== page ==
Things are hotting up on Manchester’s street food scene.
The new kids on the block, Friday Food Fight from BeatStreetMcr, have finally broken cover about the venue – they’ll be occupying Upper Campfield Market for 12 Friday’s on the bounce, starting early March.
“…just as happy munching something out of a van as they are sitting down to eat in a restaurant.”
As well as food from the likes of local favourites Solita, Umezushi, Yang Sing, Nutters and Ning, relative newcomers Red’s True Barbecue and Lucha Libre and out-of-towners like Diamond Dogs and PiggySmalls, there’ll be ‘choons’ from the Warehouse Project DJ types. Catering newbies are given the stage too, after winning a series of ‘cook offs’ to be part of the line-up.
Food raves. Clubbing with hot dogs instead of white gloves. Hugs not drugs? More like craft beers and cocktails.
It will certainly elevate the street food movement in Manchester though. The Guerrilla Eats collective had been bringing street food traders together in Greater Manchester for a good while, whereas #FridayFoodFight is pinning itself to one location.
The foodies of Manchester are now just as happy munching something out of a van as they are sitting down to eat in a restaurant. It’s the experience they crave as much as the food. The feeling that they are part of an as yet unspoilt trend, connecting to that most treasured of assets – ‘authenticity.’ There’s always the far that ‘authentic’ experiences can quickly get a bit sterile however, when it’s neatly packaged for middle class twentysomethings with an Instagram account and a natural disposition to pay £4.50 for a bottle of beer.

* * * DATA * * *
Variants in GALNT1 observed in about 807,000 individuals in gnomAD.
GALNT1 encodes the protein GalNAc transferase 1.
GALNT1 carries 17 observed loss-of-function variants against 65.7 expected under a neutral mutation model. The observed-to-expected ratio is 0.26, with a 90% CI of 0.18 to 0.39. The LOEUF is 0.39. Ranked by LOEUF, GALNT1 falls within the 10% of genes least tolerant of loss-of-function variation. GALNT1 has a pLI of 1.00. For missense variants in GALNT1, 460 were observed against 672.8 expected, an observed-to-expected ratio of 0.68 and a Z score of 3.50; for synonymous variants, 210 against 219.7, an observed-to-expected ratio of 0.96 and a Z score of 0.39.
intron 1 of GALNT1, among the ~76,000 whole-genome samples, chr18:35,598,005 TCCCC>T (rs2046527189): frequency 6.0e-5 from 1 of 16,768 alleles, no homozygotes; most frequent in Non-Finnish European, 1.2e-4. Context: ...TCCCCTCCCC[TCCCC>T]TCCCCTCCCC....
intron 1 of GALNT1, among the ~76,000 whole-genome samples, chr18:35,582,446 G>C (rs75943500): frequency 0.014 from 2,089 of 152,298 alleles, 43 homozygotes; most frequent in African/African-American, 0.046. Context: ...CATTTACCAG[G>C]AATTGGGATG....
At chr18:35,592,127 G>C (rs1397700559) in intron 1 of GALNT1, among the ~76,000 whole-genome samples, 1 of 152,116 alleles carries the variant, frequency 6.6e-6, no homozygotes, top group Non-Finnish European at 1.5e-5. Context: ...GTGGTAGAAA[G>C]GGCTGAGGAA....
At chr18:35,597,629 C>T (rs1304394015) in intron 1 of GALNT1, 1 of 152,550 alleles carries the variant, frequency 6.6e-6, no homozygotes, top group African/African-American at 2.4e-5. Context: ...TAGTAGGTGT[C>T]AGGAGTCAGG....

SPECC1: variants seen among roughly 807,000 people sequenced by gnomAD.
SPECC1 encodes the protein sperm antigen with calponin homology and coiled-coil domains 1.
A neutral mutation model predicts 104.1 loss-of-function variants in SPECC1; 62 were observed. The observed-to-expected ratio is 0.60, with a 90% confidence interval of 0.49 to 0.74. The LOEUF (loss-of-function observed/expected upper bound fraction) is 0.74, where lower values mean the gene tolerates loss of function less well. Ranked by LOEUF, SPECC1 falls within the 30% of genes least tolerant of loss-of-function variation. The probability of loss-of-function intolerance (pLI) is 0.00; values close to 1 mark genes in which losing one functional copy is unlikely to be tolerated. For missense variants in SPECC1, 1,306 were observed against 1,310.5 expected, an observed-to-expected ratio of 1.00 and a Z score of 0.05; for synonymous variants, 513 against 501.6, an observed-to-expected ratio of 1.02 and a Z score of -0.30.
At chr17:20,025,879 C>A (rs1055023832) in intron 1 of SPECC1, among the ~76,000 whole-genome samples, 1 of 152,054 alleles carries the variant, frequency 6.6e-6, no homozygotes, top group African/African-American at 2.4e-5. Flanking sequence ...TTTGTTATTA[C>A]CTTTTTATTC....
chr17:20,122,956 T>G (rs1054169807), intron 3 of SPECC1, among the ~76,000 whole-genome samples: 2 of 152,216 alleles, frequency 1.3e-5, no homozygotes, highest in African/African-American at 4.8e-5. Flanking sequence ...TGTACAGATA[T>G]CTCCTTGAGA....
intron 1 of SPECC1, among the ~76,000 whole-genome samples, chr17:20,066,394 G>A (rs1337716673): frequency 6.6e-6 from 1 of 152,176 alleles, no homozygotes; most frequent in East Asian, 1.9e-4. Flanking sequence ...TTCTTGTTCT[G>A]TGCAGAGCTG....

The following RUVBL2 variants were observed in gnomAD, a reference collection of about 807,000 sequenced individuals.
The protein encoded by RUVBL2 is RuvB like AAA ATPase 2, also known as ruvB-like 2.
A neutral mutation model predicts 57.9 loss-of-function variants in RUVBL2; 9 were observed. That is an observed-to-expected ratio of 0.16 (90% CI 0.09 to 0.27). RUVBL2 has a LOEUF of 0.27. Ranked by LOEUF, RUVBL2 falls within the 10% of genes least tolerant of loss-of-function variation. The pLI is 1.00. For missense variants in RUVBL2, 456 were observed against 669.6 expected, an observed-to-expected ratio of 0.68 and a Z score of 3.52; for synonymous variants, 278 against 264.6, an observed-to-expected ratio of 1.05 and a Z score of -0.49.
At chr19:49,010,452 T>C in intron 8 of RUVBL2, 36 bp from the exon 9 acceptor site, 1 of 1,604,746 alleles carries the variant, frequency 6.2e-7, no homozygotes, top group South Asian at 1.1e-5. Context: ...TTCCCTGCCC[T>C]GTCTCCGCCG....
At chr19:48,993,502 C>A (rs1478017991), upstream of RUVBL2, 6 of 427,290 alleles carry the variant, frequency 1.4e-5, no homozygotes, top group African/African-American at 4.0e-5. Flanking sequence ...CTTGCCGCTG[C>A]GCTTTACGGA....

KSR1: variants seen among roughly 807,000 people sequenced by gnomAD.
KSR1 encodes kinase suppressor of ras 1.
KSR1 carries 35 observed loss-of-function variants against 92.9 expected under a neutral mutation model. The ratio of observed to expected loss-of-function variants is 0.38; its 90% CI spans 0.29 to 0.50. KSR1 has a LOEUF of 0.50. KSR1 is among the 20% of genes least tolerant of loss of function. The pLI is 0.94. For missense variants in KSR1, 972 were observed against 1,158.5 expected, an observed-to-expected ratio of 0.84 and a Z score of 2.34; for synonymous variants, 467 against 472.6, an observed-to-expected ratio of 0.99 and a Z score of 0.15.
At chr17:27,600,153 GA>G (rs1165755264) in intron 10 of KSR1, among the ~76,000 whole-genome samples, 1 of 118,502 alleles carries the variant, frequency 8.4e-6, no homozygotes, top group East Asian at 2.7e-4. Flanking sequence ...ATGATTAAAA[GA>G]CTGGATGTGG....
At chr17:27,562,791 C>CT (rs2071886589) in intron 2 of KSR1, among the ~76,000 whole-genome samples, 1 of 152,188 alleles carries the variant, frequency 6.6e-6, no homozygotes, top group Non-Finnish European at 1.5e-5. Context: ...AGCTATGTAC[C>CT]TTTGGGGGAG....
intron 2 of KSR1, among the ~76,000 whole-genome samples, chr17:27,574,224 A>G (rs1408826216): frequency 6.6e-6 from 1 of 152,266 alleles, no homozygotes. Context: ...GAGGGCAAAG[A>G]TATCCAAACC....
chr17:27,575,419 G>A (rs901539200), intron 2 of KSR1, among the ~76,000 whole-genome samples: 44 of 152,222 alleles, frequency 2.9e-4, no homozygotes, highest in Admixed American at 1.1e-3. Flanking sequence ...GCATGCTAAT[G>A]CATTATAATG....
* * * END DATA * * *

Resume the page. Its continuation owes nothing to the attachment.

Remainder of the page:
I once had some authentic street food in Hong Kong about six years ago, on a midnight ramble between bar and hotel. Some of it was great, some unidentifiable and plenty of it was a bit rank.
It’s all about the operators though, and anything that a) gives more attention to good local food vendors who might eventually want a permanent restaurant or b) brings up the best of London’s street food vendors (again, showcasing the city to them as much as the other way round) can only be a good thing.
A good example is Margo & Rita, the Mexican street food mob who have now occupied the kitchen in The Beagle in Chorlton permanently.
London has led – as London normally does – the street food trend and there are dozens more exciting operators out there that we’ve yet to experience in Manchester. If our city catches their attention thanks to events like FFF, all the better.
It is possible to get street food wrong though? Thankfully, London appears to be leading that trend too.
Step forward Lanes of London, roundly hammered this month for dropping a street food menu into their Mayfair restaurant.
The Independent called it ‘an early candidate for Most Wrongheaded Restaurant Concept of 2014.’
Jay Rayner calls it perfectly in The Observer when labelling the street food movement in London as ‘reconditioned campervans knocking out stuff that makes sauce dribble down your forearms, some of which is great and a lot of which is stuff in a bap flogged for £6.50.’
Of Lanes, he says: ‘As exercises in missing the point go, they don’t come much better.’
So the street food scene can definitely grow in Manchester. But it needs to stay focussed. It’s that ‘authenticity’ thing again, isn’t it?
So keep it real, as I believe the young folk say.